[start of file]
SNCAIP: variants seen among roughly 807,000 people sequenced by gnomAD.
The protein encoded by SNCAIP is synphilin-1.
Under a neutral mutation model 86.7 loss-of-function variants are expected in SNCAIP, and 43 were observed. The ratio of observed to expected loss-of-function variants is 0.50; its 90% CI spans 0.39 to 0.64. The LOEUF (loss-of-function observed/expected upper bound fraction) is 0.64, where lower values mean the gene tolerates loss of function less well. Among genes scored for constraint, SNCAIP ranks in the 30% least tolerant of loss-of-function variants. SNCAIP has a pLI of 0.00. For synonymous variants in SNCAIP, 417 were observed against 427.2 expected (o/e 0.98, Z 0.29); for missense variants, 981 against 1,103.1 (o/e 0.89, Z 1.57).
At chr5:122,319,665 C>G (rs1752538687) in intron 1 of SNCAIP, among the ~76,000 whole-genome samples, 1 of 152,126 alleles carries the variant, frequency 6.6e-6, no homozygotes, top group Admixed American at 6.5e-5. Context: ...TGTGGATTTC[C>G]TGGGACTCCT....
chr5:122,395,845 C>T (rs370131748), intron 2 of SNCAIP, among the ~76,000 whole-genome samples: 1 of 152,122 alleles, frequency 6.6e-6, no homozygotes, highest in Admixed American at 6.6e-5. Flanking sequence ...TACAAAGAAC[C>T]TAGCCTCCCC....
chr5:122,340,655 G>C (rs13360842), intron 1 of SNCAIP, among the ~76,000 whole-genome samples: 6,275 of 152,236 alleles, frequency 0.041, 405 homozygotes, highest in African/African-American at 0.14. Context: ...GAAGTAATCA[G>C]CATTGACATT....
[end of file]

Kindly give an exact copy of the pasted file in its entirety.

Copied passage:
SNCAIP: variants seen among roughly 807,000 people sequenced by gnomAD.
The protein encoded by SNCAIP is synphilin-1.
Under a neutral mutation model 86.7 loss-of-function variants are expected in SNCAIP, and 43 were observed. The ratio of observed to expected loss-of-function variants is 0.50; its 90% CI spans 0.39 to 0.64. The LOEUF (loss-of-function observed/expected upper bound fraction) is 0.64, where lower values mean the gene tolerates loss of function less well. Among genes scored for constraint, SNCAIP ranks in the 30% least tolerant of loss-of-function variants. SNCAIP has a pLI of 0.00. For synonymous variants in SNCAIP, 417 were observed against 427.2 expected (o/e 0.98, Z 0.29); for missense variants, 981 against 1,103.1 (o/e 0.89, Z 1.57).
At chr5:122,319,665 C>G (rs1752538687) in intron 1 of SNCAIP, among the ~76,000 whole-genome samples, 1 of 152,126 alleles carries the variant, frequency 6.6e-6, no homozygotes, top group Admixed American at 6.5e-5. Context: ...TGTGGATTTC[C>G]TGGGACTCCT....
chr5:122,395,845 C>T (rs370131748), intron 2 of SNCAIP, among the ~76,000 whole-genome samples: 1 of 152,122 alleles, frequency 6.6e-6, no homozygotes, highest in Admixed American at 6.6e-5. Flanking sequence ...TACAAAGAAC[C>T]TAGCCTCCCC....
chr5:122,340,655 G>C (rs13360842), intron 1 of SNCAIP, among the ~76,000 whole-genome samples: 6,275 of 152,236 alleles, frequency 0.041, 405 homozygotes, highest in African/African-American at 0.14. Context: ...GAAGTAATCA[G>C]CATTGACATT....